I don't write novels. Dostoevsky didn't write home repair manuals. There are good reasons for both. Neither of us felt compelled to state our reasons. Thankfully, Mark Crick has pretty much taken care of it for both of us.
This morning's Independent includes excerpts from Crick's latest book, Sartre's Sink. It's a DIY manual written in the voice of characters from famous novels. I highly recommend you check out the article in the Independent.
I found the item titled "Tiling a bathroom with Fyodor Dostoevsky" particularly compelling. Somehow, it magaged to capture precisely how I felt the first time I tore out old tile (mind you, I wasn't using stolen tools...borrowed, perhaps, but not stolen).
Herewith, a very short excerpt:
Tiling a bathroom with Fyodor Dostoevsky
Tools: Hammer, Spirit level, Scraper, Tile cutter, Sponge, Wooden batten, Tape measure, Dust sheet
Materials: Tiles, Spacers, Tile adhesive, Tile grout
For the first time, Pokoroff now opened the bag of tools he had stolen from the tool shed at the back of his lodgings and cast on its aged contents a look of flashing rage. "To think that I have been such a fool," he muttered. He saw now that the bag contained not the tools of his landlady, but those of her gardener. "This is exactly the sort of trifle that could spoil everything."
Feeling crushed, nay humiliated, he caught up the gardener's sickle and plunged its rusty blade behind the tiles above the sink. Long age and humidity had weakened the glue that held them in place so that they easily came away, crashing into the sink and shattering with a great noise. Their removal revealed an ugly rectangular patch of ridged and hardened adhesive. Pokoroff scraped at this in an attempt to render the surface smooth, but the glue, so ineffective at holding the tiles in place, showed more resistance at clinging to the wall. Using a stabbing action the worker saw that little chips of the adhesive broke off, occasionally flying into his face, and in this way he gradually succeeded in levelling the most irregular ridges.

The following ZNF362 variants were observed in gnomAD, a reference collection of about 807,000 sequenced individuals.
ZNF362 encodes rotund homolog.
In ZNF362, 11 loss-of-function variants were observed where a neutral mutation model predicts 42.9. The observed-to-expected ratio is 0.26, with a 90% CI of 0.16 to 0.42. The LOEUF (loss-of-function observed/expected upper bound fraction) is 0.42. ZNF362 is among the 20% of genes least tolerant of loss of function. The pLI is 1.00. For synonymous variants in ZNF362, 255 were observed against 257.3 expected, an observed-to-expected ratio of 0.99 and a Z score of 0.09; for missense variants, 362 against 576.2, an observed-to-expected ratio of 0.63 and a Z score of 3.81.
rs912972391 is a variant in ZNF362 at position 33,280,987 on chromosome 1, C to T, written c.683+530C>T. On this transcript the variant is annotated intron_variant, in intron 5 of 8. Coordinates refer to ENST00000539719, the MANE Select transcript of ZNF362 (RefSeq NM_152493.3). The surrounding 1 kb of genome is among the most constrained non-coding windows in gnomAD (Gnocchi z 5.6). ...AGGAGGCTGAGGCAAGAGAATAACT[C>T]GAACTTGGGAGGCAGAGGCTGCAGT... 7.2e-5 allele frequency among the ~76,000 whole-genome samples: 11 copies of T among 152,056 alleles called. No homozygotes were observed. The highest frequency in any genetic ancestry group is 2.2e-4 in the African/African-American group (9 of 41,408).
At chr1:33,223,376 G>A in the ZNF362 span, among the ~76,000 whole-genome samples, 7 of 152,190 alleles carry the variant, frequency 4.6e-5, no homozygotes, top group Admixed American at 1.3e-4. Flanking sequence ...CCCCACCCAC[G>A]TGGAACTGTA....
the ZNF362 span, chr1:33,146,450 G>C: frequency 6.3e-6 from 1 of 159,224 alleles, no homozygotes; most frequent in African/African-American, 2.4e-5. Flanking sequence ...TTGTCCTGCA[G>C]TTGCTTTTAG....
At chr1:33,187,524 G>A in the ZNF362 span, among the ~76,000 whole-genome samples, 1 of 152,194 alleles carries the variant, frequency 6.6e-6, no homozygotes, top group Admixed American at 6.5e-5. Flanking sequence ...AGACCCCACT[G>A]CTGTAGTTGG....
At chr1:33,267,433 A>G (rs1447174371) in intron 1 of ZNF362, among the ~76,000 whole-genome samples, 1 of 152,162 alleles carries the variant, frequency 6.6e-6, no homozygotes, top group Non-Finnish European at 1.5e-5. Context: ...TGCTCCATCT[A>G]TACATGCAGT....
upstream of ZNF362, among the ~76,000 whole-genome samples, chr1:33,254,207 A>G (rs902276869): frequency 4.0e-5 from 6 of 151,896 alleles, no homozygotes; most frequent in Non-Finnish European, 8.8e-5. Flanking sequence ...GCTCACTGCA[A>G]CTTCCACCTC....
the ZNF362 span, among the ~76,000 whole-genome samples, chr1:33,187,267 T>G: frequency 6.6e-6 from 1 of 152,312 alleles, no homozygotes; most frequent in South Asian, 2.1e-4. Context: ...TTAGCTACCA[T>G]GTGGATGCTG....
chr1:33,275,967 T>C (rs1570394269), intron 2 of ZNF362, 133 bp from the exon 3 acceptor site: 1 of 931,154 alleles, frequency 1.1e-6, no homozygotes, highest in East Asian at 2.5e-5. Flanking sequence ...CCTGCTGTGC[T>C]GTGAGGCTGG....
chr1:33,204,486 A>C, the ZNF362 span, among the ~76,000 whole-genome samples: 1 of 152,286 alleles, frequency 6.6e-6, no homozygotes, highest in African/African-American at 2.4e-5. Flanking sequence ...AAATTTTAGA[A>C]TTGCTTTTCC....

The old woman, as is the way with old women who leave nothing to chance, had left a sack for rubbish and Pokoroff now began filling it with the debris. The jagged edges of the broken tiles were sharp and when he saw that a crack had appeared on the surface of the basin, he flew into a rage. How could he have been so unthinking? He might easily have placed some covering over the basin to cushion the fall of the tiles. With bitter disgust he saw that he had also managed to cut himself and that blood was dripping from his hand. It had already splashed his shoes and the floor before he thought to hold the wound over the open refuse bag. The thick red liquid dripped onto the broken tiles where the drops stained their white surface red. He grew light-headed and for a moment it seemed to him that the tiles were smiling at this benediction, until he realised that this was no chimera. Half buried in the detritus, the widow's false teeth came as a disagreeable surprise. In his haste he had forgotten to clear the room. "Details, details," he murmured and, looking up, he saw the remains of the glass that had held the teeth mingling with the broken tiles in the sink. Reluctantly he recovered the gory teeth and dropped them into his pocket. He then wrapped his injured hand with a rag and watched as the white fabric turned red.